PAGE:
The driver of a car involved in a crash that claimed three young lives has ‘a case to answer’ on a number of offences relating to the smash, a Judge has found.

Sean Ward faces charges of driving without a licence, failing to produce insurance, failing to produce a driving licence and driving with no insurance on July 28, 2016.

Theresa Robinson (20), Kaylem Ó Murachaidh (19) and Steven McGrath-McCafferty (19) all lost their lives in the accident at Corravady, around five miles from Letterkenny.

Relatives of the three victims were in court as lengthy evidence was heard to determine whether it was ‘beyond reasonable doubt’ that Ward was the driver of the Toyota Avensis car involved in the fatal crash.

Mr Ward was also seriously injured in the crash.

Solicitor for Sean Ward, Mr Kieran O’Gorman stressed that his client was before the court on a summons of driving a vehicle with no insurance on a certain date.

“My client is not on trial for anything other than driving a vehicle at a place on a date,” Mr O’Gorman said.

“This young man was very seriously injured, had bleeding on the brain, two broken legs, spent two weeks in intensive care, three weeks in hospital and is still suffering.

“He has no memory whatsoever of this accident – nothing before, during or after.”

Garda Kilcoyne said he was on duty on Thursday morning, July 28, 2016, when he received a report of a road traffic collision between Drumkeen and Letterkenny.

When he arrived at the scene, he observed a vehicle parked on the left-hand side of the road.

He said he was met by a man, Hugh Sweeney, who said he had called the emergency

Garda Kilcoyne found a young female, ‘lying half on the road and half in the passenger side of the car’. He found no pulse on the woman.

Garda Kilcoyne proceeded towards a small hatchback car, lying in the ditch. He observed a young male lying across the inside of the vehicle. He found no pulse on the man.

Garda Kilcoyne said he found a second young male lying alongside the rear driver side wheel of the car. Again, he found no pulse.

Garda Kilcoyne had found Sean Ward, of Hilltop, Stranorlar, at the back of the Toyota, ‘crawling on the road’.

The Garda told the Court that Sean Ward had said when questioned at the scene: ‘I’m going down the road. I’ve no licence. I’ve no nothing. I was driving. Is Teresa okay? I’m going down the road’.

Mr O’Gorman said his client would not have ‘understood what the caution was’, however Garda Kilcoyne said the man was able to give his address and date of birth.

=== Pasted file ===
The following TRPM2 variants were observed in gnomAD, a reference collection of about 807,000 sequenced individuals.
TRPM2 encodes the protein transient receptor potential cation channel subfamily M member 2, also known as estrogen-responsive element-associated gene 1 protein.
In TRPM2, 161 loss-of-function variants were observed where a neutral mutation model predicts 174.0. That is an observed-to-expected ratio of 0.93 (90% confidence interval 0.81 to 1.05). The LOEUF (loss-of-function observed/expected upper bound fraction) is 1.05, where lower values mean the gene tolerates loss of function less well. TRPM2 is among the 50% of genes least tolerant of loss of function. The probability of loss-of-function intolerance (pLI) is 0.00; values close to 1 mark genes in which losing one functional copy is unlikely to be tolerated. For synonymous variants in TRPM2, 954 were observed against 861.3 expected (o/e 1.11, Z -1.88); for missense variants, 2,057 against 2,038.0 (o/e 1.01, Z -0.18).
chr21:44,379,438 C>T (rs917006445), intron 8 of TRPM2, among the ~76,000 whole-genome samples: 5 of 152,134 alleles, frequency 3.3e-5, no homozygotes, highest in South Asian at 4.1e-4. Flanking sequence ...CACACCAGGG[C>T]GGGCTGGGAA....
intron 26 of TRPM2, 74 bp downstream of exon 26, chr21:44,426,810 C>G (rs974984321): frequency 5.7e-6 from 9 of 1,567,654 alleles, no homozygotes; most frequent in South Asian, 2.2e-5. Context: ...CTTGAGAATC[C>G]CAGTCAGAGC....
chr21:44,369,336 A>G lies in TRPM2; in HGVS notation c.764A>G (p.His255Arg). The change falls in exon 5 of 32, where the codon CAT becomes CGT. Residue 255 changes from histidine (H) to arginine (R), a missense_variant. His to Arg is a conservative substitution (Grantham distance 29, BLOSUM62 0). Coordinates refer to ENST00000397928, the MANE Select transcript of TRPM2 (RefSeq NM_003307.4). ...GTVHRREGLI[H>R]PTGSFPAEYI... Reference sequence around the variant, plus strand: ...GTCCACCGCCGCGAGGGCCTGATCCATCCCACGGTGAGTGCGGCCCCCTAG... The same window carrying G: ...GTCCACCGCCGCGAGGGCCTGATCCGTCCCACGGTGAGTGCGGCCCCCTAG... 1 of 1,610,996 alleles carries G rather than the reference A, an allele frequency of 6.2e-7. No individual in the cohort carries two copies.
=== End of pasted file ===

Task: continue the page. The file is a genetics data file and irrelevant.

Divisional scenes of crime officer Garda John Madigan gave evidence said he recovered what he described as ‘exhibits of forensic importance’ from the Toyota, among them the airbag from the driver’s side of the car.

In September 2016, Garda Madigan attended a secure storage area and removed the front passenger airbag from the Toyota.

The airbags were sent for forensic examination.

John Hoad, from Forensic Science Ireland, confirmed the DNA profile from areas of a light bloodstain on the driver’s airbag matched that of Sean Ward.

A bloodstain on the passenger airbag was generated from a female source.

“The conclusion was that the blood findings were what you would expect to find if Sean Ward was driving and a female was in the front passenger seat.

Ambulance driver John Ward said he spoke to Sean Ward, who he said was ‘coherent and adamant that he didn’t want me to go near him’.

He said: “He (Sean Ward) was adamant that he was getting no injections and he was coherent at the time. He told me his name, his date of birth and his address’.

Hugh Sweeney was taking bales of silage from Fintown on his lorry on the night in question and came upon the accident.

Mr Sweeney said that Sean Ward had told him that he was not driving the car.

Mr O’Gorman said his client had an ‘open wound that was bleeding continuously and needed 19 stitches.’

Mr O’Gorman said: ‘He has no memory of this terrible drama. It is a probability and a possibility, but it is not certain beyond reasonable doubt’.

Sean Ward was arrested for dangerous driving causing death on October 24, 2016.

Garda Kilcoyne said he was aware that Detective Garda Sullivan had made a demand of Sean Ward on August 2, 2016 to produce a driving licence and certificate of insurance within ten days and neither were submitted.

Inspector Michael Harrison argued that Sean Ward had made ‘an honest admission not under duress or stress’ and that this should be prima facie evidence.

“I believe beyond reasonable doubt that Sean Ward was the driver of the vehicle,” Inspector Harrison said.

Sean Ward, who has three previous convictions, has never had a driving licence, the Court heard.

“There is no way that blame can be attributed to anyone,” Mr O’Gorman said.

“He is suffering and will suffer for the rest of his life as a result of the horrendous injuries he received. He has brain and physical injuries that he will carry for the rest of his life.

“This does not in any way throw blame on any party with what happened on the night.”

Judge Kelly said he had no evidence bar observations to suggest that Sean Ward was incoherent or disorientated.

“I have to conclude that the admission is prima-face evidence that he was the driver of the vehicle,” Judge Kelly said.

“That is reinforced by DNA evidence. There are possible alternative explanations, but there is also the explanation that Mr Ward was the driver, the airbag came out and that is how the blood went on it. In my view, Mr Ward has a case to meet.”

The case was adjourned until May 2. Judge Kelly asked that a probation report and a community service report be prepared for that date.

 


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